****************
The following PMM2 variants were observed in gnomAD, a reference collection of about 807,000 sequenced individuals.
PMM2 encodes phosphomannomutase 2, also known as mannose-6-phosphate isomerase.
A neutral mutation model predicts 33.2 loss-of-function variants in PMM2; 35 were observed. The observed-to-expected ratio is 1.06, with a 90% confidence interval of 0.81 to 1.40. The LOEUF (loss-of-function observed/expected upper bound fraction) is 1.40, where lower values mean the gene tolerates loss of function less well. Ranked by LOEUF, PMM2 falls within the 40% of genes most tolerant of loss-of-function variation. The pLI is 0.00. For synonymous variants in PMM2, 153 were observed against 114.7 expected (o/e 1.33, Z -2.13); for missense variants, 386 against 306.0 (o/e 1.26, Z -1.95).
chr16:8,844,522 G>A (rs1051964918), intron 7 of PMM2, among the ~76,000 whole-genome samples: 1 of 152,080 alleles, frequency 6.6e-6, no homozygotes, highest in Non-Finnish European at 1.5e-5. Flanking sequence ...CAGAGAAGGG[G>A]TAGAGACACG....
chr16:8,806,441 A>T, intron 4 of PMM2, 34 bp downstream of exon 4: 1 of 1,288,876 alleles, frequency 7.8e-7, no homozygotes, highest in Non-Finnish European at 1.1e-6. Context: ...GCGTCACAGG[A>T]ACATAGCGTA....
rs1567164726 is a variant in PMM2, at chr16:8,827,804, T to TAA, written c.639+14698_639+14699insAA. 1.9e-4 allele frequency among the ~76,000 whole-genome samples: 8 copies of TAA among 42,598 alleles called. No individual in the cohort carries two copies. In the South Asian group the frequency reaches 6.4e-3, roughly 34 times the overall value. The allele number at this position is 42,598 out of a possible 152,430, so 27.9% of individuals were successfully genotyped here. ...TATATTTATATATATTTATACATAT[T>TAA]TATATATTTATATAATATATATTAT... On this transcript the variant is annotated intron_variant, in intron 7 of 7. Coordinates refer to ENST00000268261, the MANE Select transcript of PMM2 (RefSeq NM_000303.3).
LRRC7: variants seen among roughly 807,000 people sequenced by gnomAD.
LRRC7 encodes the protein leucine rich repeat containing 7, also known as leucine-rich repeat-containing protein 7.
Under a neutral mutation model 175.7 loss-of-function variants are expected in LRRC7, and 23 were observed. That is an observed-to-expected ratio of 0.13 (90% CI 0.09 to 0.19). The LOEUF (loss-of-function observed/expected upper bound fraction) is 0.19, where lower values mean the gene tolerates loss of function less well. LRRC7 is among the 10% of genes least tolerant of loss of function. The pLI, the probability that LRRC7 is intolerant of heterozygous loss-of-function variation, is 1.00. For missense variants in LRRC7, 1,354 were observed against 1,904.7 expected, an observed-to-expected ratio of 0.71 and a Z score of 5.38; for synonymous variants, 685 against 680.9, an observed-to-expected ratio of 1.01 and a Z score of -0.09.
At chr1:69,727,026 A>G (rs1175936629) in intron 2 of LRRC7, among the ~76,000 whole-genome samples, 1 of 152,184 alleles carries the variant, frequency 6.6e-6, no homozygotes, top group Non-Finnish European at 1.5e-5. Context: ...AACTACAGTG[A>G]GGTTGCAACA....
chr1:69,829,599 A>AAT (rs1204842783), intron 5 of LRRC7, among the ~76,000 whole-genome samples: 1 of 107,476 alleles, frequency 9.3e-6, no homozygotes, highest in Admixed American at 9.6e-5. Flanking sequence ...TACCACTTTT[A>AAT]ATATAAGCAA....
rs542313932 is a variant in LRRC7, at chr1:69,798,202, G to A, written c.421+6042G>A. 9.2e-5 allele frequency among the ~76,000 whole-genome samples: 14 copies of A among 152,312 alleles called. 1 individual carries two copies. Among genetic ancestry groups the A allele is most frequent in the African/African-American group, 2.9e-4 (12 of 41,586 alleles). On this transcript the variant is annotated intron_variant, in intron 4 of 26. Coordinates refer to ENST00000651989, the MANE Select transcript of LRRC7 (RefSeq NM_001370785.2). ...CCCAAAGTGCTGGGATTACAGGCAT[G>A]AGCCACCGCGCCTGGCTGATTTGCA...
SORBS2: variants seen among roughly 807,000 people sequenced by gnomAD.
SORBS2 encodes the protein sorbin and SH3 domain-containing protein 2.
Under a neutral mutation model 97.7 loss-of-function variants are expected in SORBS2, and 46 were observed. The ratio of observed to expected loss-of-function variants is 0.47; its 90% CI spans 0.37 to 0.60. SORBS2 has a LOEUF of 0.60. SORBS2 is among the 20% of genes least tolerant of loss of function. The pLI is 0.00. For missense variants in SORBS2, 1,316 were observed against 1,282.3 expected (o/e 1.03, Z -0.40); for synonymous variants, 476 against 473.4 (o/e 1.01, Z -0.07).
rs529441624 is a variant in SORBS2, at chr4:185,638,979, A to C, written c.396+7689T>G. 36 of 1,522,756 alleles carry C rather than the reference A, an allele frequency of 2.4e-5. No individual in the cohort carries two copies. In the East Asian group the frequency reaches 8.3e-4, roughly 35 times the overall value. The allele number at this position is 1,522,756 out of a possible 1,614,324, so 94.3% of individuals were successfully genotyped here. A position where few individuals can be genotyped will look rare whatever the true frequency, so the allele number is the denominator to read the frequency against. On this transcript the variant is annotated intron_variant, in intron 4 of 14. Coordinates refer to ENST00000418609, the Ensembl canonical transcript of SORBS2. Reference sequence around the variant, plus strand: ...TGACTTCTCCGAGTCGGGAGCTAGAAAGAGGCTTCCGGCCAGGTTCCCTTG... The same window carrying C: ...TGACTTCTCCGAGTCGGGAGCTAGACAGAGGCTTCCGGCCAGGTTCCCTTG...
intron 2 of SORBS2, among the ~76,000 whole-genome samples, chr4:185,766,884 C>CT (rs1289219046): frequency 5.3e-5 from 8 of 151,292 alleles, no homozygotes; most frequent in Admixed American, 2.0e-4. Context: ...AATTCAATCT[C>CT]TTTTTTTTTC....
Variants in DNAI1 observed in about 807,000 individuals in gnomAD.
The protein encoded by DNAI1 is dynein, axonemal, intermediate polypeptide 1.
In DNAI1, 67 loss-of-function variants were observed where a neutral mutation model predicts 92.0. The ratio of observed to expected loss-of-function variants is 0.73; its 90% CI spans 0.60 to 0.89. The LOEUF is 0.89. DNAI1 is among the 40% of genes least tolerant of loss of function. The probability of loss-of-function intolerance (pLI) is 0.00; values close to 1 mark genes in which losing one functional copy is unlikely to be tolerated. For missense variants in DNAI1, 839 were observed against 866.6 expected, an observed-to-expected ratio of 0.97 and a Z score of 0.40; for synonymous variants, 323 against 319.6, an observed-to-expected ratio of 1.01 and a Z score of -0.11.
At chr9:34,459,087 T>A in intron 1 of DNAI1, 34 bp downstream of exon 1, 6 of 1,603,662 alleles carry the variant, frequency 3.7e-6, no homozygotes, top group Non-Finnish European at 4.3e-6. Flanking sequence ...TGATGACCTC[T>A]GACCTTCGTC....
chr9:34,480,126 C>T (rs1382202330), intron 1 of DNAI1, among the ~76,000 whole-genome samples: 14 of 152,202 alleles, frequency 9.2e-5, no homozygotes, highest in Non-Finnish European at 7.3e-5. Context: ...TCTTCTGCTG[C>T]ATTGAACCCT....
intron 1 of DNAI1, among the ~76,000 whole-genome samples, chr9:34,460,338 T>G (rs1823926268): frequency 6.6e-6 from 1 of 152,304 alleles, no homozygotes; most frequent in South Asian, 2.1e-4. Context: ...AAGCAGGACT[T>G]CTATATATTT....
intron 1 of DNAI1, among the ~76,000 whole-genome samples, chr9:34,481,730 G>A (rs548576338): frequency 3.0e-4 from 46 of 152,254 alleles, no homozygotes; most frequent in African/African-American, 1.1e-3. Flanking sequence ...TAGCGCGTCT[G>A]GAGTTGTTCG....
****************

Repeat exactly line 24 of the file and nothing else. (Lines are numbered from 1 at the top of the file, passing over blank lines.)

intron 1 of DNAI1, among the ~76,000 whole-genome samples, chr9:34,481,730 G>A (rs548576338): frequency 3.0e-4 from 46 of 152,254 alleles, no homozygotes; most frequent in African/African-American, 1.1e-3. Flanking sequence ...TAGCGCGTCT[G>A]GAGTTGTTCG....